Peru, Brazil Research Arapaima Production
Peru and Brazil will create a "strategic alliance" to jointly promote production and marketing of the arapaima, a South American tropical freshwater fish, the Peruvian Amazon Research Institute (IIAP) announced earlier this month.
The alliance will involve government, the private sector and local communities and seek to establish an environmentally profitable bio-trade, that aims to boost production of this fish without harming the environment, Luis Campos, director of the IIAP, told Peru’s Andina news agency.
The IIAP will hold a meeting in February for the regional governments of Ucayali, San Martin, Loreto and the Brazilian National Institute of Amazonian Research, among other institutions, Campos told Andina. IIAP is a Peruvian institution focused on scientific and technological research for development and sustainable use of biodiversity in the Amazonian region.
"The aim is to achieve strategic alliances for the resource management, give added value to our products and strengthen scientific research," said Campos.
However, Campos did not elaborate on how a bi-national marketing strategy would work. The idea is new, especially in South America, where nationalism is usually the norm, especially concerning natural resources.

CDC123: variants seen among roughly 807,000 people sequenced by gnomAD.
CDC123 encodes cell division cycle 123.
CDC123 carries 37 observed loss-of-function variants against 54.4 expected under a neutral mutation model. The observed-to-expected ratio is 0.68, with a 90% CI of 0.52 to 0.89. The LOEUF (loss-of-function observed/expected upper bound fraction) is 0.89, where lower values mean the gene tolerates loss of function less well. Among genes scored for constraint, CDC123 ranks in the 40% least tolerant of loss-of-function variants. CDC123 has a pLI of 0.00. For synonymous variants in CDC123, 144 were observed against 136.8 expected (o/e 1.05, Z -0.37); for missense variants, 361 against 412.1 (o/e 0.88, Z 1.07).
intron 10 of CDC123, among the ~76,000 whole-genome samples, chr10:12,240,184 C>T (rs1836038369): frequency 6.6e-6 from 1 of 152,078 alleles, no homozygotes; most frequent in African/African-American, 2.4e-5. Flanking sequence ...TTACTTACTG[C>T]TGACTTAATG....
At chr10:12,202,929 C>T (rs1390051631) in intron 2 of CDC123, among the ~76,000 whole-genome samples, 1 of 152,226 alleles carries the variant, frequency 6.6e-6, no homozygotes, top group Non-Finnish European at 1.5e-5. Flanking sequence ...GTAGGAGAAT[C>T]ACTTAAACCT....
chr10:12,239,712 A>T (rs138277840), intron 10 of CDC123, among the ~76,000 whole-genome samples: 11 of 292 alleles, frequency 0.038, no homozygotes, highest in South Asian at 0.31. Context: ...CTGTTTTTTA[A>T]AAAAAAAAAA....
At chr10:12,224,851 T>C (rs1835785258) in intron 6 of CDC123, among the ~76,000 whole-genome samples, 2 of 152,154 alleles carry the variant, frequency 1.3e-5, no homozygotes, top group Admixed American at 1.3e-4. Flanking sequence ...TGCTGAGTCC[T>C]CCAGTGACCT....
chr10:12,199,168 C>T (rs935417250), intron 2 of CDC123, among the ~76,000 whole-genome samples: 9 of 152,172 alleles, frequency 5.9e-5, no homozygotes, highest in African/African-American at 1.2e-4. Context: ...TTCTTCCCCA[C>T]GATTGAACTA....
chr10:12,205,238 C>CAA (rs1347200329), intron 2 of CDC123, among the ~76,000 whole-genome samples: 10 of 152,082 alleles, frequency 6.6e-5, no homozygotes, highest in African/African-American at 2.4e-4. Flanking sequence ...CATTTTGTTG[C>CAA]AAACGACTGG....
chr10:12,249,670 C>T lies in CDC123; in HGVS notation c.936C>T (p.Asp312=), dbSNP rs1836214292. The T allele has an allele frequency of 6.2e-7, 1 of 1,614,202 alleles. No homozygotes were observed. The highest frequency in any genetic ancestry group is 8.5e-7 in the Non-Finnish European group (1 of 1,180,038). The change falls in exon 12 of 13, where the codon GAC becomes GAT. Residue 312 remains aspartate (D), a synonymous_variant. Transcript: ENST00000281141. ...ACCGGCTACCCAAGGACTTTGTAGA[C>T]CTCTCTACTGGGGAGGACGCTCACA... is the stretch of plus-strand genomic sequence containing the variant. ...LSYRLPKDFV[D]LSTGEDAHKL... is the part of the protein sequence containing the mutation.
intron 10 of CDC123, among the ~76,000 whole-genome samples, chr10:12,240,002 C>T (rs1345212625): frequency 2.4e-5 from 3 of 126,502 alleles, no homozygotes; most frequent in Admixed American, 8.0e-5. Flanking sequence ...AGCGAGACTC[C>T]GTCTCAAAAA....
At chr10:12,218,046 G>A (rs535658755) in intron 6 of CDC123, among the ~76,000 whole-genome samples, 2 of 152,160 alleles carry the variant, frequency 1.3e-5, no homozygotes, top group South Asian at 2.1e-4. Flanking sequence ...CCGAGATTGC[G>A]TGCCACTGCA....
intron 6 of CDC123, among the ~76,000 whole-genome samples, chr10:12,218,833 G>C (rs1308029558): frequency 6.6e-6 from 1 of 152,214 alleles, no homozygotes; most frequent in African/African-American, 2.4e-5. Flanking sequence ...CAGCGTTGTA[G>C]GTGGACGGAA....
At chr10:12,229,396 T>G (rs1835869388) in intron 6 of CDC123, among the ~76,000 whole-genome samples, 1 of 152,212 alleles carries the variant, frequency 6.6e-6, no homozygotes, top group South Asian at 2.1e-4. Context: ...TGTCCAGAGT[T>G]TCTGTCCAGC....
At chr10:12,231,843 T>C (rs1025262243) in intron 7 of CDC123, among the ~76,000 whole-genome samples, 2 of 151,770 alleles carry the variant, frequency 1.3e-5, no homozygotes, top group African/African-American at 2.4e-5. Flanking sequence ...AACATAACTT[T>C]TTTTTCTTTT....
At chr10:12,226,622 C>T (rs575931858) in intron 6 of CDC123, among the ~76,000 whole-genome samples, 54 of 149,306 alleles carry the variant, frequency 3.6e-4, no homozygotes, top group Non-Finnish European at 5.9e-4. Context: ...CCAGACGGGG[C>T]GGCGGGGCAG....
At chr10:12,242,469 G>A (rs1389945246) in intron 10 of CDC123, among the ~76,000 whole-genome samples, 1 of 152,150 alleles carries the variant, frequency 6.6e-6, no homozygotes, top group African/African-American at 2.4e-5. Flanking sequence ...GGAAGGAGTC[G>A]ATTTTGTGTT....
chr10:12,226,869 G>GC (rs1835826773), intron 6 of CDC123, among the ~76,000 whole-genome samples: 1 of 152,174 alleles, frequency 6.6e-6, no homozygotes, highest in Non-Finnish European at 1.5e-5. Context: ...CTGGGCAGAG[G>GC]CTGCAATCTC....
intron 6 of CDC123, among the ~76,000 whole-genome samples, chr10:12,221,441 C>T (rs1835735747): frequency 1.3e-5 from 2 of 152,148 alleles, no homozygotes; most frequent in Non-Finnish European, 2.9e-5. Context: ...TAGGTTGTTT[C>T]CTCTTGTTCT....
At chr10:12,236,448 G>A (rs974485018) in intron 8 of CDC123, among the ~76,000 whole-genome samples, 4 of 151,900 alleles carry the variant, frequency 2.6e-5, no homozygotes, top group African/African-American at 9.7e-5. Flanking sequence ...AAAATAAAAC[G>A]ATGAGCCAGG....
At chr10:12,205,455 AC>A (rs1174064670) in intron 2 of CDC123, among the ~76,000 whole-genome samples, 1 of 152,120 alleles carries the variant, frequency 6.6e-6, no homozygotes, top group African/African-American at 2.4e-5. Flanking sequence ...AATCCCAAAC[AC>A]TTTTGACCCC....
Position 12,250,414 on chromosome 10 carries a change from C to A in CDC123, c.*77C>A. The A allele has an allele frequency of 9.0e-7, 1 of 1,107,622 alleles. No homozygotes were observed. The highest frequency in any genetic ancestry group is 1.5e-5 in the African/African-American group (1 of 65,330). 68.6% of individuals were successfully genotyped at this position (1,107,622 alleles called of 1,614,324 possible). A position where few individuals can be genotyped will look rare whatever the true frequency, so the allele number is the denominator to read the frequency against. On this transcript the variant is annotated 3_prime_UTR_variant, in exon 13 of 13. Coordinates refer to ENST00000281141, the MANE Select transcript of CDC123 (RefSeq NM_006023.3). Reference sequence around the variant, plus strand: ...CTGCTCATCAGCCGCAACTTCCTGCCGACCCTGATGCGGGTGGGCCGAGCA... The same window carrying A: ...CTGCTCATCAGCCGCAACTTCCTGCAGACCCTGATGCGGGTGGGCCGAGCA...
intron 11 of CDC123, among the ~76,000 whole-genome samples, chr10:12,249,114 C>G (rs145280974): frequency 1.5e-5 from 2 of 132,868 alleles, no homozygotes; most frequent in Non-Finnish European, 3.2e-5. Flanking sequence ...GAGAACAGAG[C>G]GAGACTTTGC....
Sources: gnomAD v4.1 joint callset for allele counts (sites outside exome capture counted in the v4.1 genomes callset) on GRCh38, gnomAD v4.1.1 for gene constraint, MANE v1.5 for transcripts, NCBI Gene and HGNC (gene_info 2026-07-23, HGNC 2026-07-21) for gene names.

The arapaima, pirarucu or paiche (Arapaima gigas) is a South American tropical freshwater fish. One of the largest freshwater fish in the world, arapaima can reportedly grow up to 4.5 meters (14.75 feet) long and weigh up to 200 kilograms (440 pounds), although there is some debate about this.
Arapaima breathe oxygen, so it stays near the surface but can dive and has been successful in adapting to swamp waters. It is a predator, eating smaller fish and on occasion birds.
It is the largest freshwater fish in South America and is one of the continent’s most sought-after food fish species . It is captured primarily by handheld nets for export or by spearfishing for local consumption. As a result, large arapaima of more than 2 meters are seldom found in the wild today. It is consumed mostly in Brazil and there are fears for its survival as a species, with some conservation groups listing it as "becoming scarce but not yet extinct."
One report suggested each fish yields 70 kilograms of edible flesh, which is boneless, an attractive commercial proposition. Native to South America, it has been introduced in Thailand and Malaysia.